"So do I," agreed Chunky. "I guess we had better not say anything about it to the others, but we'll try to find out who this man Lasar is, and who Mr. Marquand is. Then we'll decide what to do next."

Their further conversation was interrupted by the voice of the Professor, announcing that they would halt for their noonday meal. All other thoughts left the mind of Stacy Brown when the question of food was raised. He quickly slipped from his pony, running back to hurry the burros along so as to hasten the meal for which he was yearning. Only one burro was unpacked, as it was the intention of the outfit to push on soon after finishing their lunch.

While the guide, under Ned's direction, was making it ready, Tad and Chunky strolled off to climb a high rock that they had seen in the vicinity and which, they thought, might give them a good view of the plains to the southwest on the other side of the range.

They had promised to be back in half an hour, but circumstances arose that caused them to delay their return considerably.

After threshing through the bushes, over sharp rocks and through miniature canyons, they gained at last the object of their quest. The distance had been further than they had imagined.

"We'll have to make a short trip of it up to the top and back," said Tad. "It has taken us almost all our time to get here. But we'll have a look, anyway."

They soon gained the top of the rock, which stood some twenty feet higher than the crest of the mountain on which it rested.

"Isn't this great?" exclaimed Tad.

"Might think we were in the Rockies."

"Or the Ozarks."

"I hope we don't have as much trouble here as we did in that range. Our guide is not much better than the Shawnee we had for a time on that trip. I can't see the foothills, but the plain on beyond is pretty clear."

"Hope we don't have to chase all over the desert for water. I--"

Tad grasped his companion by the sleeve and jerked him violently to the rock.

"What's up? What's the matter with you?" protested Stacy.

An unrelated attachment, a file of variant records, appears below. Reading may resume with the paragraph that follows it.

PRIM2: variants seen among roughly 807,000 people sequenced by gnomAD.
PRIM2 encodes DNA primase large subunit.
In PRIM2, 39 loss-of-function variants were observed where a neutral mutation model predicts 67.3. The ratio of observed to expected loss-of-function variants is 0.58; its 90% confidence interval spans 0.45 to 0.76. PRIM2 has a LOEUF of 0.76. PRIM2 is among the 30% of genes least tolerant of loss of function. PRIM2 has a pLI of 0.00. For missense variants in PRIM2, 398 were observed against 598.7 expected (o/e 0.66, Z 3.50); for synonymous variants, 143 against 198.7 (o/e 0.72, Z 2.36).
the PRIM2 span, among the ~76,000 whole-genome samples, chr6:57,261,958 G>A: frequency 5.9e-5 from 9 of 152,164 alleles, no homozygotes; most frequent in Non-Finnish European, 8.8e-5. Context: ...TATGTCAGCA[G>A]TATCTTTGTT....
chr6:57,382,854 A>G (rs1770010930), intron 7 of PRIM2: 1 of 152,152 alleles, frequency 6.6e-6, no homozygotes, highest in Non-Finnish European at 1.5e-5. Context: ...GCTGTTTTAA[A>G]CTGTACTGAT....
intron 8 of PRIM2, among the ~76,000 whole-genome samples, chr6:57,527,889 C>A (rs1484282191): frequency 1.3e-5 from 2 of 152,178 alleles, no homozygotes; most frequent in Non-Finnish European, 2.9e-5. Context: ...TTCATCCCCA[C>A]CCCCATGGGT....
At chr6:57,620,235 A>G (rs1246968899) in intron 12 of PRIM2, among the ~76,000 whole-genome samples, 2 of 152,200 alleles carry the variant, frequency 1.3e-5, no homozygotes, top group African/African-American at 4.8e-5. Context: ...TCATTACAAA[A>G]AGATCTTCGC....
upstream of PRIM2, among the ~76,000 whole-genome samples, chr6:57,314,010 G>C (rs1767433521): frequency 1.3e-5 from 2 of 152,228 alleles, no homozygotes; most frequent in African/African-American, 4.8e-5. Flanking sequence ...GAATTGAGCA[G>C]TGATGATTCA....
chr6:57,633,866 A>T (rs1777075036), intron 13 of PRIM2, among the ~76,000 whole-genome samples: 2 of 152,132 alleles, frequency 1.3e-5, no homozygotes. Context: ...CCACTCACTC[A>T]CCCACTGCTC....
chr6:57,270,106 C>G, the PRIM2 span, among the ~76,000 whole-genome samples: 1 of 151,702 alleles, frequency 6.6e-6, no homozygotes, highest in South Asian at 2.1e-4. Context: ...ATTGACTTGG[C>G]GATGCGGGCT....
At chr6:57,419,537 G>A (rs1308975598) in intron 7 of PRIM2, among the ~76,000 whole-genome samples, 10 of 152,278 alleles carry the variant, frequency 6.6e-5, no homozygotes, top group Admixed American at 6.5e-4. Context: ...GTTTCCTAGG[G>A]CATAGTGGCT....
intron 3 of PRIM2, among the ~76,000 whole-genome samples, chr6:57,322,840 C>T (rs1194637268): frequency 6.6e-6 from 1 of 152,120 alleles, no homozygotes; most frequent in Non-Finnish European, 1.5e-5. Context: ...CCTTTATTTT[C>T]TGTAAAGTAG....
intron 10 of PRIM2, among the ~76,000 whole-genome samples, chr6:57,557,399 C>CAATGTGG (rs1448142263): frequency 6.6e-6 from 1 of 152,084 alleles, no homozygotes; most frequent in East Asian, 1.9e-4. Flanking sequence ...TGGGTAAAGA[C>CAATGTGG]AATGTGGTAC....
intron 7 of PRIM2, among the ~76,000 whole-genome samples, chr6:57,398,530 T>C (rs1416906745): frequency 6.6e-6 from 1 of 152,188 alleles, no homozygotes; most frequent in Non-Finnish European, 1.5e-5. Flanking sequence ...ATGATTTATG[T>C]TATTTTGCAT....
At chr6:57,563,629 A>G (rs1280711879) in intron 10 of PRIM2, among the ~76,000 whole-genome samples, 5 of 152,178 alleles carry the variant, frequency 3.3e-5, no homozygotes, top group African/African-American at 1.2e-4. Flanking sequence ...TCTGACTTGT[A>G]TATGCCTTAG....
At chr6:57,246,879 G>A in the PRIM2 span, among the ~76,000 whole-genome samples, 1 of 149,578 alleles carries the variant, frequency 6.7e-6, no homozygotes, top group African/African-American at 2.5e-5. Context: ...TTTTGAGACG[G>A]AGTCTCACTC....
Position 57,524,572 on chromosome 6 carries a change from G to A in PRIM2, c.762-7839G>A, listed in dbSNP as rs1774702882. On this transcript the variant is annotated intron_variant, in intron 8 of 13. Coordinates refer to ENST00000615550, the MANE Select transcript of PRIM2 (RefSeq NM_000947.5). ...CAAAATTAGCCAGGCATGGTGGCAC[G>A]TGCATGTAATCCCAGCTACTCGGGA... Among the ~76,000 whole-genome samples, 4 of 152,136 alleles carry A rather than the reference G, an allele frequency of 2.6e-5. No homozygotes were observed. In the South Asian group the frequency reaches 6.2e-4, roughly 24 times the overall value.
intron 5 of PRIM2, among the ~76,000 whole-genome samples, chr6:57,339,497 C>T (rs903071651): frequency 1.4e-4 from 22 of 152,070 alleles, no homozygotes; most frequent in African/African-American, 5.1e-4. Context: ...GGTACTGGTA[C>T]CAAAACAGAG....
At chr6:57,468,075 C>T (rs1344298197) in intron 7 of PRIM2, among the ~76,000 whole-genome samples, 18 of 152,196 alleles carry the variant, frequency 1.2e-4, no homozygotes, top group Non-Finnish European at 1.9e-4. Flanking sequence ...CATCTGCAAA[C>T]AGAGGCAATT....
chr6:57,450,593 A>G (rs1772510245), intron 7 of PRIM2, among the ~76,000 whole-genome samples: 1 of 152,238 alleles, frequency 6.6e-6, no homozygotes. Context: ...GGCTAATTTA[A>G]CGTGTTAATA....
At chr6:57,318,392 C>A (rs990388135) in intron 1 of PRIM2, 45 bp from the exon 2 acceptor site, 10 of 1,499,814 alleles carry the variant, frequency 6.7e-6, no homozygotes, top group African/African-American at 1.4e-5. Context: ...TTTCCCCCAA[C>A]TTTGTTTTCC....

"Keep still, some one's coming."

The lad's keen ears had caught a sound which Stacy had entirely failed to hear. It was the sound of horses making their way through the bushes. There were several in the party, Tad could tell by the sounds, and having in mind the man Lasar, he thought he might perhaps learn something of advantage by remaining quietly on the top of the rock.

All this he explained in a few brief words to his companion. Then both boys crouched low, peering over the cliff, having first removed their sombreros.

What they saw, a few moments later, surprised them very much indeed.

The horsemen in single file suddenly appeared out of a draw to the east and headed for the rock where the lads were in hiding.

"Look! Look!" exclaimed Tad in a low, suppressed voice.

"I-n-d-i-a-n-s!" breathed Chunky.

They seemed to rise right up out of the ground, as one by one they emerged from the draw to the more level rocks that lay about the hiding place of the Pony Rider Boys.

"I wonder who they are?" questioned Tad.

"They look savage. I wonder if they'd hurt us, Tad?"

"I don't know. I do know, though, that I wouldn't trust those ugly faces one second. I thought the Blackfeet were savage, but they're not to be compared with these redskins."

A full dozen of them had, by this time, come into view. They sat huddled on their ponies, their painted faces just appearing above the gayly colored blankets in which they were enveloped.


The Pony Rider Boys in New Mexico - 4/37